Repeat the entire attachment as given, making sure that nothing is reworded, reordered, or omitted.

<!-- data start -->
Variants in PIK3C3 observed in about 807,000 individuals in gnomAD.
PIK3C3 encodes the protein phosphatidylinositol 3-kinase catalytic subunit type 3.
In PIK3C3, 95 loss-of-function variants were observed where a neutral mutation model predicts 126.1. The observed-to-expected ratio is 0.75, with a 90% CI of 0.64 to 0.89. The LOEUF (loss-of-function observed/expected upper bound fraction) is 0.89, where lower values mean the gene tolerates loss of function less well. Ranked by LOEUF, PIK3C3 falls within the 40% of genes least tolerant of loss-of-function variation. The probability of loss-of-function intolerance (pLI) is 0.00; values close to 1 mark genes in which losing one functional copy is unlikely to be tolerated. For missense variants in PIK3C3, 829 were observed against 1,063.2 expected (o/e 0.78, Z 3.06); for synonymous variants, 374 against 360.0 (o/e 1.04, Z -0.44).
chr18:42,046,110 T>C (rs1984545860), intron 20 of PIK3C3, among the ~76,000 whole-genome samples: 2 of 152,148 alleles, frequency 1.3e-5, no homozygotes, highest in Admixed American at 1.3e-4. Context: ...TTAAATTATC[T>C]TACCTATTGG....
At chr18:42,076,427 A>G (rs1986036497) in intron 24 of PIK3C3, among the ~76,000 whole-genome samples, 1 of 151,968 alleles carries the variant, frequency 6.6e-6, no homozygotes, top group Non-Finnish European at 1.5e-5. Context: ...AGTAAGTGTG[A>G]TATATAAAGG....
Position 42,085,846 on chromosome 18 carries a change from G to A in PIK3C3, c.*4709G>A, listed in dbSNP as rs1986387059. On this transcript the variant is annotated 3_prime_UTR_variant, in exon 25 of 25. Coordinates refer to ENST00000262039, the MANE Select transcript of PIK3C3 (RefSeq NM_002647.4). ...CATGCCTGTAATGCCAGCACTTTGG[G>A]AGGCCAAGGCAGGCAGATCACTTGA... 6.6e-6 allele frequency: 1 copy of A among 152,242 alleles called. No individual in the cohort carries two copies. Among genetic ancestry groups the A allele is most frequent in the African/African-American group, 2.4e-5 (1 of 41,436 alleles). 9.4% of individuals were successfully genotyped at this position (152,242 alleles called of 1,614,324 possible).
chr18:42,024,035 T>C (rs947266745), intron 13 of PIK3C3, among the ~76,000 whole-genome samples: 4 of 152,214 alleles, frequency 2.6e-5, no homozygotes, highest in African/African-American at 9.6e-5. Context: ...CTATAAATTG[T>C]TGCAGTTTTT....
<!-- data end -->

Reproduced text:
Variants in PIK3C3 observed in about 807,000 individuals in gnomAD.
PIK3C3 encodes the protein phosphatidylinositol 3-kinase catalytic subunit type 3.
In PIK3C3, 95 loss-of-function variants were observed where a neutral mutation model predicts 126.1. The observed-to-expected ratio is 0.75, with a 90% CI of 0.64 to 0.89. The LOEUF (loss-of-function observed/expected upper bound fraction) is 0.89, where lower values mean the gene tolerates loss of function less well. Ranked by LOEUF, PIK3C3 falls within the 40% of genes least tolerant of loss-of-function variation. The probability of loss-of-function intolerance (pLI) is 0.00; values close to 1 mark genes in which losing one functional copy is unlikely to be tolerated. For missense variants in PIK3C3, 829 were observed against 1,063.2 expected (o/e 0.78, Z 3.06); for synonymous variants, 374 against 360.0 (o/e 1.04, Z -0.44).
chr18:42,046,110 T>C (rs1984545860), intron 20 of PIK3C3, among the ~76,000 whole-genome samples: 2 of 152,148 alleles, frequency 1.3e-5, no homozygotes, highest in Admixed American at 1.3e-4. Context: ...TTAAATTATC[T>C]TACCTATTGG....
At chr18:42,076,427 A>G (rs1986036497) in intron 24 of PIK3C3, among the ~76,000 whole-genome samples, 1 of 151,968 alleles carries the variant, frequency 6.6e-6, no homozygotes, top group Non-Finnish European at 1.5e-5. Context: ...AGTAAGTGTG[A>G]TATATAAAGG....
Position 42,085,846 on chromosome 18 carries a change from G to A in PIK3C3, c.*4709G>A, listed in dbSNP as rs1986387059. On this transcript the variant is annotated 3_prime_UTR_variant, in exon 25 of 25. Coordinates refer to ENST00000262039, the MANE Select transcript of PIK3C3 (RefSeq NM_002647.4). ...CATGCCTGTAATGCCAGCACTTTGG[G>A]AGGCCAAGGCAGGCAGATCACTTGA... 6.6e-6 allele frequency: 1 copy of A among 152,242 alleles called. No individual in the cohort carries two copies. Among genetic ancestry groups the A allele is most frequent in the African/African-American group, 2.4e-5 (1 of 41,436 alleles). 9.4% of individuals were successfully genotyped at this position (152,242 alleles called of 1,614,324 possible).
chr18:42,024,035 T>C (rs947266745), intron 13 of PIK3C3, among the ~76,000 whole-genome samples: 4 of 152,214 alleles, frequency 2.6e-5, no homozygotes, highest in African/African-American at 9.6e-5. Context: ...CTATAAATTG[T>C]TGCAGTTTTT....